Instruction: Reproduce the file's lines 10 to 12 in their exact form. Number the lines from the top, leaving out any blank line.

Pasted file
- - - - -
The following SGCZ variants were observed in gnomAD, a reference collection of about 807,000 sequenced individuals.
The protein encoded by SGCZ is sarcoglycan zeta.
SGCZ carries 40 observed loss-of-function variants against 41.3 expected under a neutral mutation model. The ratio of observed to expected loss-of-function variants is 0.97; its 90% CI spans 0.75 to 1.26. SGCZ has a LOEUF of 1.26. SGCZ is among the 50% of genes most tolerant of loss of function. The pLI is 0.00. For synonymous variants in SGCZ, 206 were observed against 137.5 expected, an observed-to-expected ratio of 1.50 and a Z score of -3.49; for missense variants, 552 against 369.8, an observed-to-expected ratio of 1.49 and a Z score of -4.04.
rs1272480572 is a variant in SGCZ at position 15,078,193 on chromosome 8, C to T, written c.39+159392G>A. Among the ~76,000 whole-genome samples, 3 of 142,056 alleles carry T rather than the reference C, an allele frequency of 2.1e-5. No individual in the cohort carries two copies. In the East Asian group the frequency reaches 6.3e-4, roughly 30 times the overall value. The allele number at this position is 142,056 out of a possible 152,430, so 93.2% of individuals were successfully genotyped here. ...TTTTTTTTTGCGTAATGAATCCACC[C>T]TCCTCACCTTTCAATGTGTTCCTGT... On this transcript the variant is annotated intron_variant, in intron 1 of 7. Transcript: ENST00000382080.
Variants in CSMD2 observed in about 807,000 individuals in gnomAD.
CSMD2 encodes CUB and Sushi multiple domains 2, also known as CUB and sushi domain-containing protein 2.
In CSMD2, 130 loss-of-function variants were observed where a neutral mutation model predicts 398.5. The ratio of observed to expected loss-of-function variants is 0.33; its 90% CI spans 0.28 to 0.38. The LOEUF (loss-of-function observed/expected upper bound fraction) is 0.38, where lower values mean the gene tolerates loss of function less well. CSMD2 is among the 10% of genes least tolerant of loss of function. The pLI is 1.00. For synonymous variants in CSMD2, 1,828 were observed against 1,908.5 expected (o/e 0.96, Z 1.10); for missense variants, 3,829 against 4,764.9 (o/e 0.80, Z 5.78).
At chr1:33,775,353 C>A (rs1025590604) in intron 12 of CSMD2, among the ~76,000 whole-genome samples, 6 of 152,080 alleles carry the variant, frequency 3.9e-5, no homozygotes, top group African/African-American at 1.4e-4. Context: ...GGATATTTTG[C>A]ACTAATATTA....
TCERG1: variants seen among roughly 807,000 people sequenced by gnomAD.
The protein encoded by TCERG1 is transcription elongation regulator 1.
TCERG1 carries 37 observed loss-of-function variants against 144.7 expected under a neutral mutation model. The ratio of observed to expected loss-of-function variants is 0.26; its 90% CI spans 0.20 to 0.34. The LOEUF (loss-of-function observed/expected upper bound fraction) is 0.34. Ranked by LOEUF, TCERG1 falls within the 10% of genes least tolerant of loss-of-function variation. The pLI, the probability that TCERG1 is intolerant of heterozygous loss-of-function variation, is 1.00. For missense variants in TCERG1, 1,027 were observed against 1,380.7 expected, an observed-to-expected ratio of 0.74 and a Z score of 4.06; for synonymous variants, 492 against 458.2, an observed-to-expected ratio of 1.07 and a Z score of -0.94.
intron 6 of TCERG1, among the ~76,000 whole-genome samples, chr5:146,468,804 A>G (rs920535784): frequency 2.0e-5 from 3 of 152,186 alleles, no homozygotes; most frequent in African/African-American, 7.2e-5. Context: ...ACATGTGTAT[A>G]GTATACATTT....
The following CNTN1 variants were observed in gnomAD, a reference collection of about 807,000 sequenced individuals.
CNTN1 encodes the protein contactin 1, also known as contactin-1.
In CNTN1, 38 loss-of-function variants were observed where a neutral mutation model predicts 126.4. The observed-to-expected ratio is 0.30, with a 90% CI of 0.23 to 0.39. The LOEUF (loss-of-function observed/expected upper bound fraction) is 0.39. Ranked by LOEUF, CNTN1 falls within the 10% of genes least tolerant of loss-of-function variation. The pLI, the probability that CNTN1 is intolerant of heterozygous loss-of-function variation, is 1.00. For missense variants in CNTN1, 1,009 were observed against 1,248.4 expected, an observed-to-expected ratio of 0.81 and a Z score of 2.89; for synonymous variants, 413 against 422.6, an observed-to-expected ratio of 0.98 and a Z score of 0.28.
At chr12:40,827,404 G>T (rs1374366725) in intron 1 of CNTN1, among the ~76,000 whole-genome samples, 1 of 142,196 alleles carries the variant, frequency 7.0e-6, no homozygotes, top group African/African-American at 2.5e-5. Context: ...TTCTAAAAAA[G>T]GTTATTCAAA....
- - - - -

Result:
The protein encoded by TCERG1 is transcription elongation regulator 1.
TCERG1 carries 37 observed loss-of-function variants against 144.7 expected under a neutral mutation model. The ratio of observed to expected loss-of-function variants is 0.26; its 90% CI spans 0.20 to 0.34. The LOEUF (loss-of-function observed/expected upper bound fraction) is 0.34. Ranked by LOEUF, TCERG1 falls within the 10% of genes least tolerant of loss-of-function variation. The pLI, the probability that TCERG1 is intolerant of heterozygous loss-of-function variation, is 1.00. For missense variants in TCERG1, 1,027 were observed against 1,380.7 expected, an observed-to-expected ratio of 0.74 and a Z score of 4.06; for synonymous variants, 492 against 458.2, an observed-to-expected ratio of 1.07 and a Z score of -0.94.
intron 6 of TCERG1, among the ~76,000 whole-genome samples, chr5:146,468,804 A>G (rs920535784): frequency 2.0e-5 from 3 of 152,186 alleles, no homozygotes; most frequent in African/African-American, 7.2e-5. Context: ...ACATGTGTAT[A>G]GTATACATTT....